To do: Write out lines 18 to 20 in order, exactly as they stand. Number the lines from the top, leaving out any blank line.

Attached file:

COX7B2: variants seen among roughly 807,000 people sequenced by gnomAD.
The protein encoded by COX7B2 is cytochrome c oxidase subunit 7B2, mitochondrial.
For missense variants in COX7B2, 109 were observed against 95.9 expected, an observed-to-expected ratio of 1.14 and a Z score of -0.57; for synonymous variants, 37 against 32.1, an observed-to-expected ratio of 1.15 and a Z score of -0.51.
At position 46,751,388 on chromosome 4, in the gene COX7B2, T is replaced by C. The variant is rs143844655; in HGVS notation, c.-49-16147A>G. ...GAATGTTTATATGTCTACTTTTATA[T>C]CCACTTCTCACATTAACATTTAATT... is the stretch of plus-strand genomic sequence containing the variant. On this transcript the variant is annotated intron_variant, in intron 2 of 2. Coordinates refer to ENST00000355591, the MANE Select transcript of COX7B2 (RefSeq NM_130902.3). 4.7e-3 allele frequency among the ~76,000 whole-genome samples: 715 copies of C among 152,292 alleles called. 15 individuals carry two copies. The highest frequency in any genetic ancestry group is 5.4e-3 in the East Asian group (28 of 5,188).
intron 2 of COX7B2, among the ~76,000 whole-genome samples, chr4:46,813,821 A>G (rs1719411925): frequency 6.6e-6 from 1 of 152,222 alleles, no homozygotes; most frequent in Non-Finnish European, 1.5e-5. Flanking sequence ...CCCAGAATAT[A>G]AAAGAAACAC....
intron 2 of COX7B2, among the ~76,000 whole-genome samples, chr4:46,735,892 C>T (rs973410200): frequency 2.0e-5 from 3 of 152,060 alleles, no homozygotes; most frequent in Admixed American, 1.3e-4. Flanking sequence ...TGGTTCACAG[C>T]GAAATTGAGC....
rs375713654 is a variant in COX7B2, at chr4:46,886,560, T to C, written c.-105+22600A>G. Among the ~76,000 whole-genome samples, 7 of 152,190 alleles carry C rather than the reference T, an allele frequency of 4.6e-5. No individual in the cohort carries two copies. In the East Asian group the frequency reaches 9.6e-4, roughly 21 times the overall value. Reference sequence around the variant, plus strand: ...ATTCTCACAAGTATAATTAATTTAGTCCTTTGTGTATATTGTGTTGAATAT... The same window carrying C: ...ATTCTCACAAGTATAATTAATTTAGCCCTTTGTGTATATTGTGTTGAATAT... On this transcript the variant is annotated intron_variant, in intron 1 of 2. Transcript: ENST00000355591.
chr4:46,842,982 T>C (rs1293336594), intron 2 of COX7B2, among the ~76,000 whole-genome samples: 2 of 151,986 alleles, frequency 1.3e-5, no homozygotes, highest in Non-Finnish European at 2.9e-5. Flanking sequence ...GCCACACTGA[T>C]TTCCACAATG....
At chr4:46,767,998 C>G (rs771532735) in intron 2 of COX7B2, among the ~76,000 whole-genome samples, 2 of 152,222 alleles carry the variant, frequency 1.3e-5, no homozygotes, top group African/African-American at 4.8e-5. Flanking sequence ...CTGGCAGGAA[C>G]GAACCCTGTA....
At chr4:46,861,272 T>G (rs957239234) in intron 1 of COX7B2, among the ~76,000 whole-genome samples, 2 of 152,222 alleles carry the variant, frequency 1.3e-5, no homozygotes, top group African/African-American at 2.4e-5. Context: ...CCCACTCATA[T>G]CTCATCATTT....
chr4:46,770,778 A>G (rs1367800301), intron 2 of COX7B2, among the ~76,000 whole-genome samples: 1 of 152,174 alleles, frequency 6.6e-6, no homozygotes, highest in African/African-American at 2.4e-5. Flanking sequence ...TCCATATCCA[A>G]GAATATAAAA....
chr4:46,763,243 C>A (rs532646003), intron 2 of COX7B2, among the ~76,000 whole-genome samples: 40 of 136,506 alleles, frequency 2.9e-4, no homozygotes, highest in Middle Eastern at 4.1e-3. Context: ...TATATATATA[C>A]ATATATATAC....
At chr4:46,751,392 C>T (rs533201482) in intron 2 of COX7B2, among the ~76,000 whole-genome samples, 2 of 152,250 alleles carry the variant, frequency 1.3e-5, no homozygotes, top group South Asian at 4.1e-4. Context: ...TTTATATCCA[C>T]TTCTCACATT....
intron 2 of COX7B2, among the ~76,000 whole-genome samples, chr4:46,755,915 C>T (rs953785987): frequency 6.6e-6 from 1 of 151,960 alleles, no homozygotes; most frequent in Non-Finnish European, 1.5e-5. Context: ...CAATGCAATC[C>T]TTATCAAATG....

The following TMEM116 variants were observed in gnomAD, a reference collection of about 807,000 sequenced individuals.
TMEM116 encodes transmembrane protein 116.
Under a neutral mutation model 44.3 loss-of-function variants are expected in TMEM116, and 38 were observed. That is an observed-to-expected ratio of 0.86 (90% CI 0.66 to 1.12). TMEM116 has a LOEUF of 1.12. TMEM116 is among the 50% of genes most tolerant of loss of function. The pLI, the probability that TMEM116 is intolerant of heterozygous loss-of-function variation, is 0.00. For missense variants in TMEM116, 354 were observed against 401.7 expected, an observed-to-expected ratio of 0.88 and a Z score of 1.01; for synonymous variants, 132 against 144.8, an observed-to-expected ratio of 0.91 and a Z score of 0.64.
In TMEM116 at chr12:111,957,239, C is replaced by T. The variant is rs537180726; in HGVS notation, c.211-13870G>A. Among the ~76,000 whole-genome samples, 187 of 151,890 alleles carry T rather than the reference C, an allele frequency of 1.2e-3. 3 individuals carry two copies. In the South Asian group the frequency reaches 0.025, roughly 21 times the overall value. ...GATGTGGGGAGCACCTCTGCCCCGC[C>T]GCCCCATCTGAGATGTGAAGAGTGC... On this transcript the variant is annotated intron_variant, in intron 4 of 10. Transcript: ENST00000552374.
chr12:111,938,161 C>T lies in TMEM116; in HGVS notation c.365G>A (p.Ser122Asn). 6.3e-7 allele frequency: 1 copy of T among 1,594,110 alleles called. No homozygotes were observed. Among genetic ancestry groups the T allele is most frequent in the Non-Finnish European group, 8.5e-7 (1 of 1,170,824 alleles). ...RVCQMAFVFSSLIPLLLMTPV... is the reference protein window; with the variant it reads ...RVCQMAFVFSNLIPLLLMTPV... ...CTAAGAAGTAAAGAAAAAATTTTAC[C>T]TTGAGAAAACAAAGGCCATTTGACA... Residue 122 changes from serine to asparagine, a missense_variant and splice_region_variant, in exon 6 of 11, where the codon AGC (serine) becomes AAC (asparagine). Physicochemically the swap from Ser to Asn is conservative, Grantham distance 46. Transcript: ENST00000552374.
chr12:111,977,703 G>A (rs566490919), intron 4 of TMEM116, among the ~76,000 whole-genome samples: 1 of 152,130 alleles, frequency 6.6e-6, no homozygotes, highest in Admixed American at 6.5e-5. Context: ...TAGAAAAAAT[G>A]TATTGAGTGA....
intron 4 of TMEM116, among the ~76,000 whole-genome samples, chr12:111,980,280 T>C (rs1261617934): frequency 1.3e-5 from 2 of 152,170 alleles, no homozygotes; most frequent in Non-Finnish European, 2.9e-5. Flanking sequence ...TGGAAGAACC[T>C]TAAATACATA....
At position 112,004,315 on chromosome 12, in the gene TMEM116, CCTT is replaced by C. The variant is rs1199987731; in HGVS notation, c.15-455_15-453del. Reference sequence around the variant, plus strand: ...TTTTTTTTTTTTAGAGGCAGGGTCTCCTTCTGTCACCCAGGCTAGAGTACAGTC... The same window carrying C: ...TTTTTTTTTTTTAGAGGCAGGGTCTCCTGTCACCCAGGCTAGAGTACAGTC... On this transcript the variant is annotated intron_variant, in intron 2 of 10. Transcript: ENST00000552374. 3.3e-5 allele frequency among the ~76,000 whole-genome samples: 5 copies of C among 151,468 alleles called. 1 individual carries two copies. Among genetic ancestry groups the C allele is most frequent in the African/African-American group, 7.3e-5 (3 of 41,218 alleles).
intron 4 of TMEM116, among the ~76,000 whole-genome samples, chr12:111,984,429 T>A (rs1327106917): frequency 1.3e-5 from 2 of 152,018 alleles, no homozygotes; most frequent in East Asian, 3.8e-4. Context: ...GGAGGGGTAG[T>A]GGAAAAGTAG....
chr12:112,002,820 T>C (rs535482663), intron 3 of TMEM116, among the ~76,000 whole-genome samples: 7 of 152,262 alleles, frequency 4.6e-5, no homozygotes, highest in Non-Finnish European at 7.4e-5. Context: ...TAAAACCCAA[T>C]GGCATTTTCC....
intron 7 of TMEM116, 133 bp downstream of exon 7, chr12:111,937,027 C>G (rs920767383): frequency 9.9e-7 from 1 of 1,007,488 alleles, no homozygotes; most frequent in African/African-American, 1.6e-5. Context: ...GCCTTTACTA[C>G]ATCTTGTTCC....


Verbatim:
In TMEM116 at chr12:111,957,239, C is replaced by T. The variant is rs537180726; in HGVS notation, c.211-13870G>A. Among the ~76,000 whole-genome samples, 187 of 151,890 alleles carry T rather than the reference C, an allele frequency of 1.2e-3. 3 individuals carry two copies. In the South Asian group the frequency reaches 0.025, roughly 21 times the overall value. ...GATGTGGGGAGCACCTCTGCCCCGC[C>T]GCCCCATCTGAGATGTGAAGAGTGC... On this transcript the variant is annotated intron_variant, in intron 4 of 10. Transcript: ENST00000552374.
chr12:111,938,161 C>T lies in TMEM116; in HGVS notation c.365G>A (p.Ser122Asn). 6.3e-7 allele frequency: 1 copy of T among 1,594,110 alleles called. No homozygotes were observed. Among genetic ancestry groups the T allele is most frequent in the Non-Finnish European group, 8.5e-7 (1 of 1,170,824 alleles). ...RVCQMAFVFSSLIPLLLMTPV... is the reference protein window; with the variant it reads ...RVCQMAFVFSNLIPLLLMTPV... ...CTAAGAAGTAAAGAAAAAATTTTAC[C>T]TTGAGAAAACAAAGGCCATTTGACA... Residue 122 changes from serine to asparagine, a missense_variant and splice_region_variant, in exon 6 of 11, where the codon AGC (serine) becomes AAC (asparagine). Physicochemically the swap from Ser to Asn is conservative, Grantham distance 46. Transcript: ENST00000552374.
chr12:111,977,703 G>A (rs566490919), intron 4 of TMEM116, among the ~76,000 whole-genome samples: 1 of 152,130 alleles, frequency 6.6e-6, no homozygotes, highest in Admixed American at 6.5e-5. Context: ...TAGAAAAAAT[G>A]TATTGAGTGA....